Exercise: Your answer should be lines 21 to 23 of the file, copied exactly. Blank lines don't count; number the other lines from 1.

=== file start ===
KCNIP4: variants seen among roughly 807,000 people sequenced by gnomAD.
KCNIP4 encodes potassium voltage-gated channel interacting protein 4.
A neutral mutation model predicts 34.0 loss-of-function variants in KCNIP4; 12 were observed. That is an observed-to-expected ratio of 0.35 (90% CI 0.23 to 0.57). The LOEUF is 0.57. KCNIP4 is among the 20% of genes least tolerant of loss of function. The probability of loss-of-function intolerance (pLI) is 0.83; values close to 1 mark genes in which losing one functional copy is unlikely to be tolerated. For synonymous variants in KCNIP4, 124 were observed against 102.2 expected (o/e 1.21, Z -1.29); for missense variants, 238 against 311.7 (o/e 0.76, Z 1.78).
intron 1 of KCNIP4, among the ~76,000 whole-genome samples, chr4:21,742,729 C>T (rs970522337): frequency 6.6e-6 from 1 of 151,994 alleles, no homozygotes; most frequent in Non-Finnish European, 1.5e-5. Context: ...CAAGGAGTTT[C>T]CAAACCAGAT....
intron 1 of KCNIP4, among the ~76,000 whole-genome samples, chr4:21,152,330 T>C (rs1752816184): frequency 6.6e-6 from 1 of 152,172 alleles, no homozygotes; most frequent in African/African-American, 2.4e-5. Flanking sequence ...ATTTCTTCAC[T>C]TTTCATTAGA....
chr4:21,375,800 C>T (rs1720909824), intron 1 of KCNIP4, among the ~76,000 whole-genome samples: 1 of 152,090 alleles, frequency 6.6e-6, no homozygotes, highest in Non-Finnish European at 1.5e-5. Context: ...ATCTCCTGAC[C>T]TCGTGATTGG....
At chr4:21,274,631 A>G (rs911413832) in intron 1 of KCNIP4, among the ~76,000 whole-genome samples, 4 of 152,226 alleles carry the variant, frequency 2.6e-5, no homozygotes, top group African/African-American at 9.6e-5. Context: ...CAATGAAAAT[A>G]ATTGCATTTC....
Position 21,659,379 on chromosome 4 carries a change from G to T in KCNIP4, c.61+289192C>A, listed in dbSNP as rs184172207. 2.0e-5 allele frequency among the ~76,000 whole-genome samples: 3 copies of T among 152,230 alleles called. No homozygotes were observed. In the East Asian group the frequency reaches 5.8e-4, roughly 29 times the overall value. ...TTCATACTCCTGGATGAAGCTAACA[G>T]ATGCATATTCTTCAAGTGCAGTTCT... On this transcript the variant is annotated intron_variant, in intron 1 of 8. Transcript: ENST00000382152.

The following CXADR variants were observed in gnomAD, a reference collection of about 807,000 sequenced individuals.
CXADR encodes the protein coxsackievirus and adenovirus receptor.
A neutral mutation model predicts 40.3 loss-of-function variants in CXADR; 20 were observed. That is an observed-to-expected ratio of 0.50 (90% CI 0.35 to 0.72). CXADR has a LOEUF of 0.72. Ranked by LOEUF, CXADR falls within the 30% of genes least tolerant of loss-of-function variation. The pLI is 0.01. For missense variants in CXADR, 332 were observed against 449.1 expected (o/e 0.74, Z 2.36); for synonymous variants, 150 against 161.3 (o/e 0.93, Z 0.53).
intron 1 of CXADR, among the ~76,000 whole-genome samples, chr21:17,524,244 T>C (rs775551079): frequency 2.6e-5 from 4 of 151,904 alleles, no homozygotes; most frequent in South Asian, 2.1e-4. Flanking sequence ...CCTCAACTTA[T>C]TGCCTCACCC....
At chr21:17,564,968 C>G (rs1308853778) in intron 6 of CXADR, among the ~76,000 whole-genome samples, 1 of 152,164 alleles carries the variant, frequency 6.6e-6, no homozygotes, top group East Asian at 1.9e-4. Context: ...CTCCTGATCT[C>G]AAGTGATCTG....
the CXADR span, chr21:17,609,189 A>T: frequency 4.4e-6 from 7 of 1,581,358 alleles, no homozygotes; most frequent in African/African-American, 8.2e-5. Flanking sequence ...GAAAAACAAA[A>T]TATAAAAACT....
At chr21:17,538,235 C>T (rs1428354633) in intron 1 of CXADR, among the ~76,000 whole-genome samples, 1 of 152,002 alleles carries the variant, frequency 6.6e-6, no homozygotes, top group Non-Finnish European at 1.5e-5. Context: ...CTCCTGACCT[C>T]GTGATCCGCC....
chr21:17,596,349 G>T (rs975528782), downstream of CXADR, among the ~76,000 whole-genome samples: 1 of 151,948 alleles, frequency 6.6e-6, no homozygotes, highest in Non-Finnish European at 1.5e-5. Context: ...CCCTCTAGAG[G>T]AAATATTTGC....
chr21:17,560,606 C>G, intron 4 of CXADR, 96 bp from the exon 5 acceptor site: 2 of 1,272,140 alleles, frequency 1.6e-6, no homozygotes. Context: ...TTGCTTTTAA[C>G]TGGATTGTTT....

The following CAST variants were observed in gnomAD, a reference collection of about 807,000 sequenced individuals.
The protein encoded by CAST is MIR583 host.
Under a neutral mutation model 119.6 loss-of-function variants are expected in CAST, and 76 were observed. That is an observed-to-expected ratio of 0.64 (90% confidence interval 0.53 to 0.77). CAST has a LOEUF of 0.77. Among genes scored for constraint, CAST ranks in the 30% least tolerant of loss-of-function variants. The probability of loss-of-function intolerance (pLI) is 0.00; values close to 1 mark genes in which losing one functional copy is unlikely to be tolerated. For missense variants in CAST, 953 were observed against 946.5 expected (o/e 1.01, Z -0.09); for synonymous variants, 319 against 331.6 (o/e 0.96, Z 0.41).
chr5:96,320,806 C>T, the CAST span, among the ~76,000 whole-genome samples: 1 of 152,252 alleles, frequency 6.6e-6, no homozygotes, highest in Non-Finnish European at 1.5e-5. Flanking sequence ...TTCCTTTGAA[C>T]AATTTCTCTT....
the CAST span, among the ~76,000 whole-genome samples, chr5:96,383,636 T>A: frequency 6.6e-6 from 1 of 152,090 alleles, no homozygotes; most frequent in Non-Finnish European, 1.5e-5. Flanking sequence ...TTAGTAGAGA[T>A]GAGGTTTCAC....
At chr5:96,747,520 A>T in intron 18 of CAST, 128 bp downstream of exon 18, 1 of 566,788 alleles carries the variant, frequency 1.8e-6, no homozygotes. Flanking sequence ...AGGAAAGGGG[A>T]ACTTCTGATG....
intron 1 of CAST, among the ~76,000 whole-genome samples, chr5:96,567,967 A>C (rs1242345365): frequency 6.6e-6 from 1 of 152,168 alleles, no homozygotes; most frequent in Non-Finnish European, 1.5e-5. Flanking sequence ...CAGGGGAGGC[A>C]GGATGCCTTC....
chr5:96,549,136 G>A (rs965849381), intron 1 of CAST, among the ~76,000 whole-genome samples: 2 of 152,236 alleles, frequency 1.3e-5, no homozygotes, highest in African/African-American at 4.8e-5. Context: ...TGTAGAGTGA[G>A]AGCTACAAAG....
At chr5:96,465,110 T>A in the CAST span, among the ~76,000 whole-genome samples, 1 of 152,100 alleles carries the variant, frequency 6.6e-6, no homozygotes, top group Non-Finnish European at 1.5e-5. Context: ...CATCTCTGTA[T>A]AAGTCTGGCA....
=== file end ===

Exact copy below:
chr5:96,320,806 C>T, the CAST span, among the ~76,000 whole-genome samples: 1 of 152,252 alleles, frequency 6.6e-6, no homozygotes, highest in Non-Finnish European at 1.5e-5. Flanking sequence ...TTCCTTTGAA[C>T]AATTTCTCTT....
the CAST span, among the ~76,000 whole-genome samples, chr5:96,383,636 T>A: frequency 6.6e-6 from 1 of 152,090 alleles, no homozygotes; most frequent in Non-Finnish European, 1.5e-5. Flanking sequence ...TTAGTAGAGA[T>A]GAGGTTTCAC....
At chr5:96,747,520 A>T in intron 18 of CAST, 128 bp downstream of exon 18, 1 of 566,788 alleles carries the variant, frequency 1.8e-6, no homozygotes. Flanking sequence ...AGGAAAGGGG[A>T]ACTTCTGATG....